The period 1988-1999 was one of great difficulty and there were times when I had to consider selling my books. It was a wrenching decision - and my collection was no where near the size or value of Leif’s. I resisted, muddling along somehow, finding money someplace else, or just letting debt slide as I hunkered down in my house of books. The books comforted me; they were my friends. I think I also had the inchoate sense that to sell was to admit failure, not as a collector but as an adult. My self-worth was directly tied to the collection.
But there comes a time, and it came for me, when an extremely cold shower and hard slap are necessary to awaken dormant reality. The books have to go. It was, without over-dramatizing the situation, one of the most difficult decisions I’ve ever had to make. I made it and began to sell off, a few books at a time, the whole of my collection to a dealer I knew and trusted ...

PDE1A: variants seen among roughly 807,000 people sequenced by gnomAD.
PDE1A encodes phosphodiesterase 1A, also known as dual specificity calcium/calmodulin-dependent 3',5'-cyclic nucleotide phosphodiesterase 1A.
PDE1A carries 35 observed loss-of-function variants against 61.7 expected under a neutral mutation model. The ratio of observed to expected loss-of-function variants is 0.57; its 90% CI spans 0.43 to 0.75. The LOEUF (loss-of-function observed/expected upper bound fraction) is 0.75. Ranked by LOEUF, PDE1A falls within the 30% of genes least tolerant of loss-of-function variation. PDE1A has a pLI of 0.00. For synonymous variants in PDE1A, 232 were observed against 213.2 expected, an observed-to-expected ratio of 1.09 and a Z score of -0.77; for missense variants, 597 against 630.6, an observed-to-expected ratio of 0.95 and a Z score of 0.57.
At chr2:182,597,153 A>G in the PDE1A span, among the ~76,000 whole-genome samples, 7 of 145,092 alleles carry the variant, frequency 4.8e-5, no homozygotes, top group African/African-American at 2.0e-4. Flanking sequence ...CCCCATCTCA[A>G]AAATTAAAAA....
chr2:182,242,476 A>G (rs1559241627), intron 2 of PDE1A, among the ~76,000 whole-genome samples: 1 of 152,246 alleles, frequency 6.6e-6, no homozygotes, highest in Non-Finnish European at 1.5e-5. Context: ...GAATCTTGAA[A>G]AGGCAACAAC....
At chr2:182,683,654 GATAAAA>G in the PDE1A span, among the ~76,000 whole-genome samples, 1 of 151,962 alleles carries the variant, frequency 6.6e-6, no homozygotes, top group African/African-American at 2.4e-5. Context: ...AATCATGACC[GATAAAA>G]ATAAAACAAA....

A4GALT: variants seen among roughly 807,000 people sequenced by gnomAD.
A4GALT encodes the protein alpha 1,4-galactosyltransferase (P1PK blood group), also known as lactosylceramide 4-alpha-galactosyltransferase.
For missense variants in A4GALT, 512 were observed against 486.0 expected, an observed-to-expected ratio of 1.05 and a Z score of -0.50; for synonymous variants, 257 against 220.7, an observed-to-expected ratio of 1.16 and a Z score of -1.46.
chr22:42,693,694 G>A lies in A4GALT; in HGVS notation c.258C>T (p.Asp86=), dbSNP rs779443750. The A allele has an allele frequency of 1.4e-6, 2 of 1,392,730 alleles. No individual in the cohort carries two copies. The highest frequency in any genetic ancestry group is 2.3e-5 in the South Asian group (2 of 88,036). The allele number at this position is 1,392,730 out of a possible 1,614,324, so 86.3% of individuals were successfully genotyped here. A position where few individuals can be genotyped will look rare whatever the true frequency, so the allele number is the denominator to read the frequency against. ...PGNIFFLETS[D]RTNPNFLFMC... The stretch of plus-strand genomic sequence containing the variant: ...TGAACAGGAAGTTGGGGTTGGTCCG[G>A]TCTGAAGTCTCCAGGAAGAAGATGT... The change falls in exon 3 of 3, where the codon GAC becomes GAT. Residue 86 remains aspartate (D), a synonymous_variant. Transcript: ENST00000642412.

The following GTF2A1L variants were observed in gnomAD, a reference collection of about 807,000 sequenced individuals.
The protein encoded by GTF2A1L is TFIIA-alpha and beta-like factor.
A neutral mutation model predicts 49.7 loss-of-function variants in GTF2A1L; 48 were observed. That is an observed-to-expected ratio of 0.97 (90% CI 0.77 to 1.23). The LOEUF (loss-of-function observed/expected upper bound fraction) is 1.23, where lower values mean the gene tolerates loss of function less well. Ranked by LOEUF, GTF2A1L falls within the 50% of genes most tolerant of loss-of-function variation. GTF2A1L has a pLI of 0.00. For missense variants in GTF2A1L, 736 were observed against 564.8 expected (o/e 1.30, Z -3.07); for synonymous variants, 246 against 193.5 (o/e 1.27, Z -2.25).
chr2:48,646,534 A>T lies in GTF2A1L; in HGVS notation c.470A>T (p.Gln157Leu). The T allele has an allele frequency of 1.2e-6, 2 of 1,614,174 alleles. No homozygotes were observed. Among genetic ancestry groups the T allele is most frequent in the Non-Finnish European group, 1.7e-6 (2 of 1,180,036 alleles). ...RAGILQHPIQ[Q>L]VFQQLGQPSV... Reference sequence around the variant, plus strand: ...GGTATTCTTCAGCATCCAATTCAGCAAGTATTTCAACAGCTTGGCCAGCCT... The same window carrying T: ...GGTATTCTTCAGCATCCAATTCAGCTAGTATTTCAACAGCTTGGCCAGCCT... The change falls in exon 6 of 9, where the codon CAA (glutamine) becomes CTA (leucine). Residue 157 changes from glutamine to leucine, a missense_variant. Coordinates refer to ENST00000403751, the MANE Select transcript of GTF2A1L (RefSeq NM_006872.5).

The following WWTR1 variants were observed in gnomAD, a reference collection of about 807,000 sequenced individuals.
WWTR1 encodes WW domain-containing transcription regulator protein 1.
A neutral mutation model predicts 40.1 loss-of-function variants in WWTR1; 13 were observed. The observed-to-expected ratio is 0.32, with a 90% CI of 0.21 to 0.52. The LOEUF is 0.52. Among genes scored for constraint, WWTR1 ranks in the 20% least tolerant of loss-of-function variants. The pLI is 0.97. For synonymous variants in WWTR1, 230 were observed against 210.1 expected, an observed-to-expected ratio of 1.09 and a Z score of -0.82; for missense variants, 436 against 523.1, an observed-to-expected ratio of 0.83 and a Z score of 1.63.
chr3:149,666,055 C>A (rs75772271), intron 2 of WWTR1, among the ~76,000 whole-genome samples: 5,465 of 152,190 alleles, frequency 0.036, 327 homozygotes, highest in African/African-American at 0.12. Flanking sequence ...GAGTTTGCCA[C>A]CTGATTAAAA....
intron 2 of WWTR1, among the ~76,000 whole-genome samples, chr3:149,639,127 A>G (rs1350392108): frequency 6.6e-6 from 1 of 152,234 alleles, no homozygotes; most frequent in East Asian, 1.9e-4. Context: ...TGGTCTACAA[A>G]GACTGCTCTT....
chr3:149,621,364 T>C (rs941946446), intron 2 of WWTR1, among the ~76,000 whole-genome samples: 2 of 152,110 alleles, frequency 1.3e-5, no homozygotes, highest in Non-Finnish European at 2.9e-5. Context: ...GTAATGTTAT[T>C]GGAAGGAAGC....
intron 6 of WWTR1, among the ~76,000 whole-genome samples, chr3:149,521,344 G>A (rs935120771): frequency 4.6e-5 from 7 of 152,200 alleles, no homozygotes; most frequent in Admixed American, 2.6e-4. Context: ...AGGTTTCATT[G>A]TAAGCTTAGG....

And then the most amazing thing happened: My life opened up. It was as if I had been clinging to a sinking rock to keep it (and myself) afloat. When I let go, I rose to the surface, alive and able to breathe.
I’ve become superstitious about establishing a new collection; I don’t want to mess with karma. The comfort I feel amongst rare and antiquarian books is satisfied by my work in the trade; I’m surrounded by them every day. I don’t need to own them.
Gertz's words echo not just psychological but religious language. And while I suspect that addictions to various kinds of objects and substances could be depicted similarly, it seems that experiences with books are especially susceptible to being described this way.